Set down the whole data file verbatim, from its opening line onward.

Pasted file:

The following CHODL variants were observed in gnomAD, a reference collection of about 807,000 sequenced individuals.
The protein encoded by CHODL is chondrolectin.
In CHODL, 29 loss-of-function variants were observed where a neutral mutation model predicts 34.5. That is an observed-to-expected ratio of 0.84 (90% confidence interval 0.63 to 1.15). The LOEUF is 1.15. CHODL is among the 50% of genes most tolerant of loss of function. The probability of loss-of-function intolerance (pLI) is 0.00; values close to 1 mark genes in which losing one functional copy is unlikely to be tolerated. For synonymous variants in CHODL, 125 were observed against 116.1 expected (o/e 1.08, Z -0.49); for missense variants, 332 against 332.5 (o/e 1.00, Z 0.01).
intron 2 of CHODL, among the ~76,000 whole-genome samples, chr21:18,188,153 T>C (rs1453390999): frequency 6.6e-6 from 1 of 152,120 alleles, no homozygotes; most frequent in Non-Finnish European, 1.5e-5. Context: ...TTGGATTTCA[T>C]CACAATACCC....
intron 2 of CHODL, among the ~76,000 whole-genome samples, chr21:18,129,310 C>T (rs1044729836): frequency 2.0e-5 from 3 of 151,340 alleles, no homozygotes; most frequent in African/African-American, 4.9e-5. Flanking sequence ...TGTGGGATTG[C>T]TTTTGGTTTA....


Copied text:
The following CHODL variants were observed in gnomAD, a reference collection of about 807,000 sequenced individuals.
The protein encoded by CHODL is chondrolectin.
In CHODL, 29 loss-of-function variants were observed where a neutral mutation model predicts 34.5. That is an observed-to-expected ratio of 0.84 (90% confidence interval 0.63 to 1.15). The LOEUF is 1.15. CHODL is among the 50% of genes most tolerant of loss of function. The probability of loss-of-function intolerance (pLI) is 0.00; values close to 1 mark genes in which losing one functional copy is unlikely to be tolerated. For synonymous variants in CHODL, 125 were observed against 116.1 expected (o/e 1.08, Z -0.49); for missense variants, 332 against 332.5 (o/e 1.00, Z 0.01).
intron 2 of CHODL, among the ~76,000 whole-genome samples, chr21:18,188,153 T>C (rs1453390999): frequency 6.6e-6 from 1 of 152,120 alleles, no homozygotes; most frequent in Non-Finnish European, 1.5e-5. Context: ...TTGGATTTCA[T>C]CACAATACCC....
intron 2 of CHODL, among the ~76,000 whole-genome samples, chr21:18,129,310 C>T (rs1044729836): frequency 2.0e-5 from 3 of 151,340 alleles, no homozygotes; most frequent in African/African-American, 4.9e-5. Flanking sequence ...TGTGGGATTG[C>T]TTTTGGTTTA....